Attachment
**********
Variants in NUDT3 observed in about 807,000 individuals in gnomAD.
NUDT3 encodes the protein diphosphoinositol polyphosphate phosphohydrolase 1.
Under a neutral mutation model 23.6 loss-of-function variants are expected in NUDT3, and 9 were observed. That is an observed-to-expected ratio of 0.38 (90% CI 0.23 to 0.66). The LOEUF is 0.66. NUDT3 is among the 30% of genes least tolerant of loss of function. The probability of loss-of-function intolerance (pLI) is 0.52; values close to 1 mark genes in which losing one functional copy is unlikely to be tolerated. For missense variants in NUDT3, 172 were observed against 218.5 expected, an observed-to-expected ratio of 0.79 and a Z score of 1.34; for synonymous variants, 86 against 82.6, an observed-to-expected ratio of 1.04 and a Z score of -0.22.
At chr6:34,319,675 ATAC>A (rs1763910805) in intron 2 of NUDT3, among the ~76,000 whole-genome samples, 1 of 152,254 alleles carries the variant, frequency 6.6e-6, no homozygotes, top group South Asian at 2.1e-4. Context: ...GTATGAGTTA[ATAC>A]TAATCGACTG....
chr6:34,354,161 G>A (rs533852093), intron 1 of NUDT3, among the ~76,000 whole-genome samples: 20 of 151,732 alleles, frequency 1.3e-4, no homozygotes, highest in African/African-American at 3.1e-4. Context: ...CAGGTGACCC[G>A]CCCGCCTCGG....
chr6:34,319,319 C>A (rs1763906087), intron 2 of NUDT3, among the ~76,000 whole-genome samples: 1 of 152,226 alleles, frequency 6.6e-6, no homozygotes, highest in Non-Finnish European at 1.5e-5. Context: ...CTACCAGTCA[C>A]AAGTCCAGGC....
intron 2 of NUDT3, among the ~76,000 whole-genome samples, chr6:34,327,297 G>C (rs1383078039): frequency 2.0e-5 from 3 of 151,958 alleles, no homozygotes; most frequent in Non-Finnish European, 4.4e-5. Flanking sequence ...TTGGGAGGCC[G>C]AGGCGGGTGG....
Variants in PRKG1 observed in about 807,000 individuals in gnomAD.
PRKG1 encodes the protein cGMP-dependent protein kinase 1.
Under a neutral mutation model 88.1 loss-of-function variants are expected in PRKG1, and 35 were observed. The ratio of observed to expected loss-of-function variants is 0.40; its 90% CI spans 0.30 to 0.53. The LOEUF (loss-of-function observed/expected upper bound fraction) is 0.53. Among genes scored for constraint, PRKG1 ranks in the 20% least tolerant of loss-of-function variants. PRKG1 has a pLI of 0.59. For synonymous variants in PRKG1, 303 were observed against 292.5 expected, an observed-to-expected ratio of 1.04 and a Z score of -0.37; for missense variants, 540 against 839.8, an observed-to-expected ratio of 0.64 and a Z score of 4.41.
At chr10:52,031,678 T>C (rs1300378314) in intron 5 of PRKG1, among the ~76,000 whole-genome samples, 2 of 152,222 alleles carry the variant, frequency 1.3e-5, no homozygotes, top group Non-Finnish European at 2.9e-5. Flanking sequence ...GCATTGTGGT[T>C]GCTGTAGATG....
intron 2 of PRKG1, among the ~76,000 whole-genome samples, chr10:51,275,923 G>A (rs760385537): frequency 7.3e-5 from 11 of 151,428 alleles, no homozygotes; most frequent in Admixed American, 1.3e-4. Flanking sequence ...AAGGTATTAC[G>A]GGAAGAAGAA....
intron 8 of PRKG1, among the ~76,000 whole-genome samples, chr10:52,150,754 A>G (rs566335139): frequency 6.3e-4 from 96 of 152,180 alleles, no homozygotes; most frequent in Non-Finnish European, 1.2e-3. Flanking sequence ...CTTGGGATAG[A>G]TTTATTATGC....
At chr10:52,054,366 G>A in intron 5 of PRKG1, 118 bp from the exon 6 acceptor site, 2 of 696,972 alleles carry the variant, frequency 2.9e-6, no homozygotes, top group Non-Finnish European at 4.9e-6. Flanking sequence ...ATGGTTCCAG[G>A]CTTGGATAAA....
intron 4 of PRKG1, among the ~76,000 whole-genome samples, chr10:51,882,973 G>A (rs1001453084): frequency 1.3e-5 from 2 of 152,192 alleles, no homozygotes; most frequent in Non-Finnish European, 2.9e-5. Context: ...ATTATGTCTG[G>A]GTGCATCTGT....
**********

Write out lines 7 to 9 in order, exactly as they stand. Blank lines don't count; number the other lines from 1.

intron 2 of NUDT3, among the ~76,000 whole-genome samples, chr6:34,327,297 G>C (rs1383078039): frequency 2.0e-5 from 3 of 151,958 alleles, no homozygotes; most frequent in Non-Finnish European, 4.4e-5. Flanking sequence ...TTGGGAGGCC[G>C]AGGCGGGTGG....
Variants in PRKG1 observed in about 807,000 individuals in gnomAD.
PRKG1 encodes the protein cGMP-dependent protein kinase 1.